New York’s Attorney General Eric T. Schneiderman (AG) announced that his office reached an agreement with First Realty Management Co., Inc. and the Legacy Senior Living (Legacy) complexes it operates in the Rochester, New York area. A former employee at one of Legacy’s facilities brought an issue to the AG’s office which led to an investigation into minimum wage violations.
The AG’s investigation determined that Legacy failed to pay 15 workers minimum wage. These 15 employees called Live-In Safety Coordinators were on call from 8 pm until 8 am, to provide emergency aid to residents. The workers also performed 10 hours a week of light maintenance and housekeeping duties. The employees did not receive any cash wages. Legacy instead, gave them an apartment and utilities for free or at a reduced rate for as long as they stayed employed as Live-In Safety Coordinators.
The AG concluded that “based on the number of hours worked by the employees, Legacy was required to pay cash wages in addition to providing the living accommodations to bring these employees’ hourly pay up to the required minimum wage.” Legacy has agreed to pay $238,000 in back pay to the 15 employees and $89,000 in interest, damages, and penalties.
Under state law, payments may include cash and non-cash benefits. The use of an apartment and meals, for example, may qualify as wages under certain circumstances. But, the value of the credit an employer can use is capped by the law.
The law states: “When a house or apartment and utilities are furnished by an employer to an employee, a fair and reasonable amount may be allowed for such facilities, which amount shall not exceed the lesser of either the value of prevailing rentals in the locality for comparable facilities or the following amounts.” The amount of the allowance varies depending on where in NY the business is and its size but is about $7.75 per day. It was lower during the period under investigation.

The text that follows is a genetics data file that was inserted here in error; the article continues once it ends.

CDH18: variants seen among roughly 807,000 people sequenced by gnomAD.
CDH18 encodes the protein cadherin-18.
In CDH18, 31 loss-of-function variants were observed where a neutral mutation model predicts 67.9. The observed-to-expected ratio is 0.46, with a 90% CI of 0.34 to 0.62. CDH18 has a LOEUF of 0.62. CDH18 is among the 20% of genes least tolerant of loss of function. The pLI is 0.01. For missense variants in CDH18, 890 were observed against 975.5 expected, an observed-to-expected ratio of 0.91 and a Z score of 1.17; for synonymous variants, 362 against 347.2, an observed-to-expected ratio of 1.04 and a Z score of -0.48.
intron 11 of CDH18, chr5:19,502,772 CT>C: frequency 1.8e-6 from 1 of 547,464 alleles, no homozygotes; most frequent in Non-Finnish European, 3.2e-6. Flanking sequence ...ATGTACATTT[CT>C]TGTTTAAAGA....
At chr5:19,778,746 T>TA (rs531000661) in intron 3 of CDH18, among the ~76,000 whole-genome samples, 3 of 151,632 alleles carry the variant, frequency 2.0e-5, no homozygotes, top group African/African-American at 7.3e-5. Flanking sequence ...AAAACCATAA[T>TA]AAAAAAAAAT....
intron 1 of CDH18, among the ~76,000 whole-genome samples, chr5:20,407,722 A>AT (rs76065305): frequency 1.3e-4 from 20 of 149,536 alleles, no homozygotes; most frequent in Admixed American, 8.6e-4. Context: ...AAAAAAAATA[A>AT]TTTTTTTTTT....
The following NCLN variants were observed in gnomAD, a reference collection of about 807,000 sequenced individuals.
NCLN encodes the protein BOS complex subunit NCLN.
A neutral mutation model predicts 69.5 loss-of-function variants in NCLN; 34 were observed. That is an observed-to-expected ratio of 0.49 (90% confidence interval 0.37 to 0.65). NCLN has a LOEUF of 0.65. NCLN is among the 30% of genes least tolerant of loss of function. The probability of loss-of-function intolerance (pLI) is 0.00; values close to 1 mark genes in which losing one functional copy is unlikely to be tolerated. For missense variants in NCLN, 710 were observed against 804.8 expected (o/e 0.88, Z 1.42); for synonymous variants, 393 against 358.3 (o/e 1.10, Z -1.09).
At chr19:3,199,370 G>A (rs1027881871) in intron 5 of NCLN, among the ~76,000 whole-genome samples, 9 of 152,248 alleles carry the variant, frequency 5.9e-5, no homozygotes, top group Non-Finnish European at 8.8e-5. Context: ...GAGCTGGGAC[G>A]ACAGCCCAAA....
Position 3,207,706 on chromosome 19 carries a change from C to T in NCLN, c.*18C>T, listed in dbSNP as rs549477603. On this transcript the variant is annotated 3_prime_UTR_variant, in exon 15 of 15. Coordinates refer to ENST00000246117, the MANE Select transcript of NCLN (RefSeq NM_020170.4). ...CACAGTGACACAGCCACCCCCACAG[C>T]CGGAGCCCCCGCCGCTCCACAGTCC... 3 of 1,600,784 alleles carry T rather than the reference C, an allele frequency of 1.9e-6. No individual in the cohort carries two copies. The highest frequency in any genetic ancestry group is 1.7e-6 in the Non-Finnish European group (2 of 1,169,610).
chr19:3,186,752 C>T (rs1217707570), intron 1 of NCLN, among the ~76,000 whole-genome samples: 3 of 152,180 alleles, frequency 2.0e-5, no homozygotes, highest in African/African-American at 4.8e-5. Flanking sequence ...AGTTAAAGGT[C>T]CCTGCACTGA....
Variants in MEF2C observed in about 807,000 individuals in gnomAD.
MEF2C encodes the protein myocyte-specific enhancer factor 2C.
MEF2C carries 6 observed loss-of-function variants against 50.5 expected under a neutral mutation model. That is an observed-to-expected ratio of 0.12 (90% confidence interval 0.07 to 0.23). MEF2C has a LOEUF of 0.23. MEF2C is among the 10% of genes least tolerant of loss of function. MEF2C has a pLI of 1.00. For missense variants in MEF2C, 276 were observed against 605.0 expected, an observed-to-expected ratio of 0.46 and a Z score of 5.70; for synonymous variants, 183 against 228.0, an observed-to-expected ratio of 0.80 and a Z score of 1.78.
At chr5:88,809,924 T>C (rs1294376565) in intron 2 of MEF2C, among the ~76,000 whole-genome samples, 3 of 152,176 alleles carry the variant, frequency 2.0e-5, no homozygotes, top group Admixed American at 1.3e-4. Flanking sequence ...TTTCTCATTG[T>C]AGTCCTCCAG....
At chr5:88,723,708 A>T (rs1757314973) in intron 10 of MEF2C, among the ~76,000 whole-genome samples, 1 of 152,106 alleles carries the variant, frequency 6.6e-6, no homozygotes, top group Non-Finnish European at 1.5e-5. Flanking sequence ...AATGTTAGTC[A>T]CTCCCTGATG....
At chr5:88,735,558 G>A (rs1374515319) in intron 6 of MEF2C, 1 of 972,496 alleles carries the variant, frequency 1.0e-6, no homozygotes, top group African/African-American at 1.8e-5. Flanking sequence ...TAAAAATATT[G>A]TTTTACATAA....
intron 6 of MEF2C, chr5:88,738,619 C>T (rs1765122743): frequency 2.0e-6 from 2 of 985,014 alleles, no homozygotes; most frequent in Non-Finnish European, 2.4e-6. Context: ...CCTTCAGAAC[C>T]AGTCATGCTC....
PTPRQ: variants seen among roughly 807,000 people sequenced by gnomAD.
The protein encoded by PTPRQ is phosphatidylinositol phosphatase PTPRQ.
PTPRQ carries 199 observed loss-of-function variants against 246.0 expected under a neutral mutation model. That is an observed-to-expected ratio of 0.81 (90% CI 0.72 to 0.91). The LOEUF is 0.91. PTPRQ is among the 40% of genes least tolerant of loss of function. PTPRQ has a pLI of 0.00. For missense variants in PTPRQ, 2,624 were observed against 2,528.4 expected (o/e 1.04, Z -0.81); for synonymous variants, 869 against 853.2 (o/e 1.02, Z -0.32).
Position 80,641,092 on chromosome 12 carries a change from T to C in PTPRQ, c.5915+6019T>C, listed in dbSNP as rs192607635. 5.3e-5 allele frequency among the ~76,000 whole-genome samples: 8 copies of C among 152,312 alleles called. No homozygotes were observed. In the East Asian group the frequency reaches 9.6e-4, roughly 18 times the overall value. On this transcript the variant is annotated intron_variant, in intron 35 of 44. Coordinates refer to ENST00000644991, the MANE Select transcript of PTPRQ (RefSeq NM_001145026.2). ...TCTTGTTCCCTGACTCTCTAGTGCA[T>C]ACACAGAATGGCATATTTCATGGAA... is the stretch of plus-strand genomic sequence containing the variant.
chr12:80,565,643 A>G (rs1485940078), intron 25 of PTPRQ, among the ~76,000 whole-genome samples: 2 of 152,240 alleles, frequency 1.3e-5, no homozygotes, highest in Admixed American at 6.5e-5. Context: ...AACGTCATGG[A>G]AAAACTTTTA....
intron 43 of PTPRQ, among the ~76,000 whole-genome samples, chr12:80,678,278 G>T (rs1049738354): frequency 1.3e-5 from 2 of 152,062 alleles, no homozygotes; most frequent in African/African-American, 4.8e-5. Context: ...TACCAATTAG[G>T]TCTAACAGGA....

The AG’s office concluded that based on the number of hours the 15 live-in employees worked, the cap on the apartment allowance, and the amount of the legal minimum wage, Legacy should have been paying them cash wages in addition to the non-cash benefits. At times, one employee was earning the equivalent of $2.00 per hour. During the period in question, the minimum wage for these employees should have been somewhere between $8.00 and $9.00 per hour.
The bottom line in New York is that employees are entitled to receive minimum wage. Even if you get tips or non-cash benefits from your job, the law requires that allowances and credits for non-wage compensation receive a particular value. The employer must contribute the proper amount of cash wages to ensure that the total compensation does not fall below the minimum wage. The goal is always for employees to receive fair and legal pay.
If you work in New York City, Long Island or the surrounding counties, make sure you are earning the wages legally owed to you. You may be happy to have room and board, but you may be entitled to cash payments as well.
Contact Leeds Brown Law, P.C. to protect your right to collect unpaid wages. We can help you recover overtime, minimum wage, tips and other compensation your employer owes. Call us 24/7 at 1-800-585-4658. Your consultation is free.